Is Teaching A Young Person’s Game?

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How balanced is your teaching staff?

Young and inexperienced teachers dominate teaching. Generally speaking, teaching is a young person’s game. It’s a point that John Tomsett makes in his book This Much I Know about Lover Over Fear when he says, ” – we have 112 teachers, and, at the age of 50, only four of them are older than me.”

Teaching demands a lot from us physically and mentally and unsurprisingly many teachers are feeling worse for wear and are ‘eyeing the exit’ quite early on in their careers. Many thousands of great teachers have already left, damaged by a system that has used and abused them.

In a recent survey of 1500 teachers by specialist recruiter Randstad, it was found that the age of apathy was most prevalent in teachers aged 31-45 and that 1/3 of teachers over 40 planned to leave teaching in the next year. Clearly many teachers are disillusioned, and crippling workloads and a poor work-life balance have played their grotesque part, but we’ve got to reboot these teachers and make sure they stay in the system – we can’t keep losing experience!

According to a report authored by Peter Sellen for the Education Policy Institute, 

Only 48 per cent of teachers in England have more than ten years’ experience, compared to an average of 64 per cent. England also has had one of the fastest reductions in the proportion of teachers aged over 50 in secondary education between 2005 and 2014.

With so little experience in the profession and with many leaving every year, children aren’t getting a balanced education.

Imbalance

Children need experience. They also need inexperience. They need both and everything in between.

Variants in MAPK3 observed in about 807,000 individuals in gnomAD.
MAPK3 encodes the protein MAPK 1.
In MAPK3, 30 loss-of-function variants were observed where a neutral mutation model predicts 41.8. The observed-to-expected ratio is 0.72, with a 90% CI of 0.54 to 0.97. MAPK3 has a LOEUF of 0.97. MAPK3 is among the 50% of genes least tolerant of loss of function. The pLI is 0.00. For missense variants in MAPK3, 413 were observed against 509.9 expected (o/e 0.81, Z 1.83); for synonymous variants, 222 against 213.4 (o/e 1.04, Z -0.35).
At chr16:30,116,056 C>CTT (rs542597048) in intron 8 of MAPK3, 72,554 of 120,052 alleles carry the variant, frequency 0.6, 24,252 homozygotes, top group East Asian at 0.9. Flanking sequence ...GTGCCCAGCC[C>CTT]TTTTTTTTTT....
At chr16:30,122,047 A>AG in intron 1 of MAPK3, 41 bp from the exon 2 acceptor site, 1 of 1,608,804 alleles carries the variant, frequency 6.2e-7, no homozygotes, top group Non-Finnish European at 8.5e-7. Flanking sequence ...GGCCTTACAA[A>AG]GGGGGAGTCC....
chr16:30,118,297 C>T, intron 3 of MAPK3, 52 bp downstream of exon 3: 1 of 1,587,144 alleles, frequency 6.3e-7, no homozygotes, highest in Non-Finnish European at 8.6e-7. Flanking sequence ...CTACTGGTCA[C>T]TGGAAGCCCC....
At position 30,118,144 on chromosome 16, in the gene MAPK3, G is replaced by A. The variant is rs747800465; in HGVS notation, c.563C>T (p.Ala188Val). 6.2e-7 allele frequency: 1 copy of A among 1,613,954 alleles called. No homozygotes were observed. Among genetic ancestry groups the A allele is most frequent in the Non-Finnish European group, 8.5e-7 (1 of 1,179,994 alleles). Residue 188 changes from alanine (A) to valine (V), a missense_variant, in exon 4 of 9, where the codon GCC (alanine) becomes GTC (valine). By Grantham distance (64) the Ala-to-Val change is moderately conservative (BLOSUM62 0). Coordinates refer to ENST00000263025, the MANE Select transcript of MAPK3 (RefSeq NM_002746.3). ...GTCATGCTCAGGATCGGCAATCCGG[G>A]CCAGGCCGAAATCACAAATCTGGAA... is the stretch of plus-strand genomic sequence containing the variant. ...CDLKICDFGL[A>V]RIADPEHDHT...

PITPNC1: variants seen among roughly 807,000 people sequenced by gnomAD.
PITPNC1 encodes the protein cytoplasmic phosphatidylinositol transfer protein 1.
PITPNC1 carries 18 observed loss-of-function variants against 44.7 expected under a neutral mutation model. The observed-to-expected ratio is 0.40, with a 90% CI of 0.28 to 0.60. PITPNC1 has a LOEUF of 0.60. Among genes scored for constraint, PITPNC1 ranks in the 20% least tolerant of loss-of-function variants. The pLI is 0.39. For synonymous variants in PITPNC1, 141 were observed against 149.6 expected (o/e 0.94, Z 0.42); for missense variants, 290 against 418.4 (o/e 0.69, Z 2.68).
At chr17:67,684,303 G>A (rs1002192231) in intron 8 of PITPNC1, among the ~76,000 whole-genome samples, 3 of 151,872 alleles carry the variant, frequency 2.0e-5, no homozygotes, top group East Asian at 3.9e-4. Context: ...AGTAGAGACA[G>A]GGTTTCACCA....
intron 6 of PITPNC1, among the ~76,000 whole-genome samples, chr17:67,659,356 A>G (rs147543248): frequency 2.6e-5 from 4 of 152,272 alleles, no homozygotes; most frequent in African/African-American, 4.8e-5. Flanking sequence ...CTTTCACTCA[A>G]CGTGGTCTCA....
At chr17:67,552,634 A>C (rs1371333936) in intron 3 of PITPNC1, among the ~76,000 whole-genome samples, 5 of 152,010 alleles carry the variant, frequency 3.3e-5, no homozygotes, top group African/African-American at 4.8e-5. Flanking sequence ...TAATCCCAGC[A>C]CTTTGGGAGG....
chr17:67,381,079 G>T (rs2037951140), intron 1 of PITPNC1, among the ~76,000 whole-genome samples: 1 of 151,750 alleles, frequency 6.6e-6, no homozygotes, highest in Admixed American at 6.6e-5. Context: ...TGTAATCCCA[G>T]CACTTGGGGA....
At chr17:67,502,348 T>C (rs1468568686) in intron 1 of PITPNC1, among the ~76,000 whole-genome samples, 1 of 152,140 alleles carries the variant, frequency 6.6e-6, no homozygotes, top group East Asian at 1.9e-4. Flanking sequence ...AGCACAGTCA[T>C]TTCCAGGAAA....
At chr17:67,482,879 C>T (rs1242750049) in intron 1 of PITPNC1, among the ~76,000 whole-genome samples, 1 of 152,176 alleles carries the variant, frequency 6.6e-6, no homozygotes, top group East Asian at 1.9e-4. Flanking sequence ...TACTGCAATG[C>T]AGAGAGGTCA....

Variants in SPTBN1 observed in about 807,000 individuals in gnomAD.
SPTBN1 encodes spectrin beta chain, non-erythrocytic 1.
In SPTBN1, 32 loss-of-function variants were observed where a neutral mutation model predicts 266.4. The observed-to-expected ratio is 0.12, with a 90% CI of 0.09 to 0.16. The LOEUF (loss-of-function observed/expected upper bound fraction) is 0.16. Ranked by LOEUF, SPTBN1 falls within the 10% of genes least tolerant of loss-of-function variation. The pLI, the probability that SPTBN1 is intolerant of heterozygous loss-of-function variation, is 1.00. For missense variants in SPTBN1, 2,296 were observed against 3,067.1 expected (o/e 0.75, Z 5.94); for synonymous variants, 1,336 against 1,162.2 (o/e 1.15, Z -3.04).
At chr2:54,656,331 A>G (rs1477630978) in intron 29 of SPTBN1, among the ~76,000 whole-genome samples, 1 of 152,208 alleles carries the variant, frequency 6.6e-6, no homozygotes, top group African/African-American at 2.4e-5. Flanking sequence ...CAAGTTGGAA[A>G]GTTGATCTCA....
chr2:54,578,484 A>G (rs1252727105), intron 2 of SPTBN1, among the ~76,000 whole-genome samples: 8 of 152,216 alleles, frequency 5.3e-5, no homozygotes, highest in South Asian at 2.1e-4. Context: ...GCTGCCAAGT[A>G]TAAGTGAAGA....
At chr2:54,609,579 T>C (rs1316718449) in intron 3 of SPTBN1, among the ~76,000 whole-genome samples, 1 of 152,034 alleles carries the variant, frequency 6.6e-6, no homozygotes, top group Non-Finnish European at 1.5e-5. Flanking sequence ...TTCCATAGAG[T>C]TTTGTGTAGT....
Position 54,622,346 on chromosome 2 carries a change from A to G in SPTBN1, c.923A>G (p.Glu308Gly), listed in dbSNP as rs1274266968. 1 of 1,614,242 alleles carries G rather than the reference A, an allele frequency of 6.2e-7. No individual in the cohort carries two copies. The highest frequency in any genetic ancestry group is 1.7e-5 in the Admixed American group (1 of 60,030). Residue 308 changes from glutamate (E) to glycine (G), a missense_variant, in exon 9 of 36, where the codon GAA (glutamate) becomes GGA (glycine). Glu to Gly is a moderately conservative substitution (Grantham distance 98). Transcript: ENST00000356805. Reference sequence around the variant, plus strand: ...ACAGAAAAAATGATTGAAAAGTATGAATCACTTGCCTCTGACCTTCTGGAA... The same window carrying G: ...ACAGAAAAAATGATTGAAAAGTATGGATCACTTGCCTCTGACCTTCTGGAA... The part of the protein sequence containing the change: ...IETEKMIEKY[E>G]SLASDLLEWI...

But experience matters and having a school full of young teachers is not good. It’s not good in the sense that a school full of experienced teachers wouldn’t be healthy either. Neither would an all-female or all-male staff. There has to be a balanced plate of food full of diverse characters with a variety of experiences to feed the system. As John Tomsett says:

“We mustn’t be seduced by the cult of youth or blinded by the dogmatism of experience. Like most successful things, schools need a blend of youth and experience and then the structures to enable both to learn from each other.”

Experience clearly matters, which is why it is wonderful to see schools embracing this experience and not helping people find the door, or retire before their time.

Let’s Be Frank … And Marion Too

Age should be no barrier to teaching. There is one teacher in Nashville in the United States who gets my respect. His name is Frank Michanowicz and he is still teaching at the age of 91 years. There are very few teachers in the world still working at this age which makes ‘Mr Frank’ wonder: “If they’re good at what they do, they should be there helping them out because the children need us.”

Some people don’t want to retire despite the demands of the job. Then there is Marion Bryan, also aged 91, she’s still teaching too and five days a week at that. She gets children’s attention by wearing a seatbelt around her waist and rapping lyrics. “I tell them that learning is like packing a suitcase for life’s journey.”

Teaching Is For Life, Not Just For Christmas

We should be pushing for more teachers to ‘stay on’. Teachers with 30+ years experience have tens of thousands of flying hours and air miles under their belts and we need to make sure we keep hold of them. If someone wants to keep on teaching then we should let them, not retire them, make them redundant or let them become victims of apathy.

Extremely low levels of CPD are part of the problem for teachers and as Peter Sellen points out in his report,

An obvious implication of high rates of turnover, and short teaching careers, is that the substantial resources invested in initial teaching training will involve significant amounts of waste. If those resources could be allocated better to the teachers who stay for longer, through raising the levels of effective CPD undertaken later in careers, overall teaching quality might be raised and more might stay.